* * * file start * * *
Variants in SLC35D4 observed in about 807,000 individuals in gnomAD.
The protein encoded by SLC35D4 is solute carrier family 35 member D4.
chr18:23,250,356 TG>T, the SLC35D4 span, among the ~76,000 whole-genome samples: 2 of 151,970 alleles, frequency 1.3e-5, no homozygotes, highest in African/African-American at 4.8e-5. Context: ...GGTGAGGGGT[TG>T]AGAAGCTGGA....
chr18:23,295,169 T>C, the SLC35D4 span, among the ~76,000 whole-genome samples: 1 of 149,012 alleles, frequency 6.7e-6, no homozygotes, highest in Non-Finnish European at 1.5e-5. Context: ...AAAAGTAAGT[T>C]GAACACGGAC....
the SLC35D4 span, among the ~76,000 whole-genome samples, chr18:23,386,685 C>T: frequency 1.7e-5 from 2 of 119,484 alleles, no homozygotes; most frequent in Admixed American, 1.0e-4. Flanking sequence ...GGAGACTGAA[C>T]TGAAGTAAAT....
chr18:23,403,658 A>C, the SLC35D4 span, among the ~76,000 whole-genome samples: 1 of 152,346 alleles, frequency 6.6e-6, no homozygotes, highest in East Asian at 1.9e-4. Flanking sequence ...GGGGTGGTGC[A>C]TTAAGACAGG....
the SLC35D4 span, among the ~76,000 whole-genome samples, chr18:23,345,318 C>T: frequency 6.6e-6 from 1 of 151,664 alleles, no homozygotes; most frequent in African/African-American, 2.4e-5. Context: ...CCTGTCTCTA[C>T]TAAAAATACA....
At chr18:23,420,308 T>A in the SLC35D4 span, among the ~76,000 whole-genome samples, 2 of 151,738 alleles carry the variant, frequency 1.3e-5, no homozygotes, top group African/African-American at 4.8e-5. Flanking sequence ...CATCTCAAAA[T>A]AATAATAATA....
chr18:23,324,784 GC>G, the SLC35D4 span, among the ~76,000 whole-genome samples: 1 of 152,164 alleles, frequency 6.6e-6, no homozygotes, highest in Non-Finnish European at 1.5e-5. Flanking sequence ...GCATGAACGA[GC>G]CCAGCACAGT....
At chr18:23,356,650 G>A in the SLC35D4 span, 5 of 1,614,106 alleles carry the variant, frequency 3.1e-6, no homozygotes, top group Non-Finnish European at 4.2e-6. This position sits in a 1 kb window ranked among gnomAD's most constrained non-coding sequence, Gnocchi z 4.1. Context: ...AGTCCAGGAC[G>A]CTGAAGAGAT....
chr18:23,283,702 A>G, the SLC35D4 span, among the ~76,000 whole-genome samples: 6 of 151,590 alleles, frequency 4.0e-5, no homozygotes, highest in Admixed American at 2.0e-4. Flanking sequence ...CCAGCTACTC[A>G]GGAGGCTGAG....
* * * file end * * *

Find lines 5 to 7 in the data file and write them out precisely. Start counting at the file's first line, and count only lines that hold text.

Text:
the SLC35D4 span, among the ~76,000 whole-genome samples, chr18:23,386,685 C>T: frequency 1.7e-5 from 2 of 119,484 alleles, no homozygotes; most frequent in Admixed American, 1.0e-4. Flanking sequence ...GGAGACTGAA[C>T]TGAAGTAAAT....
chr18:23,403,658 A>C, the SLC35D4 span, among the ~76,000 whole-genome samples: 1 of 152,346 alleles, frequency 6.6e-6, no homozygotes, highest in East Asian at 1.9e-4. Flanking sequence ...GGGGTGGTGC[A>C]TTAAGACAGG....
the SLC35D4 span, among the ~76,000 whole-genome samples, chr18:23,345,318 C>T: frequency 6.6e-6 from 1 of 151,664 alleles, no homozygotes; most frequent in African/African-American, 2.4e-5. Context: ...CCTGTCTCTA[C>T]TAAAAATACA....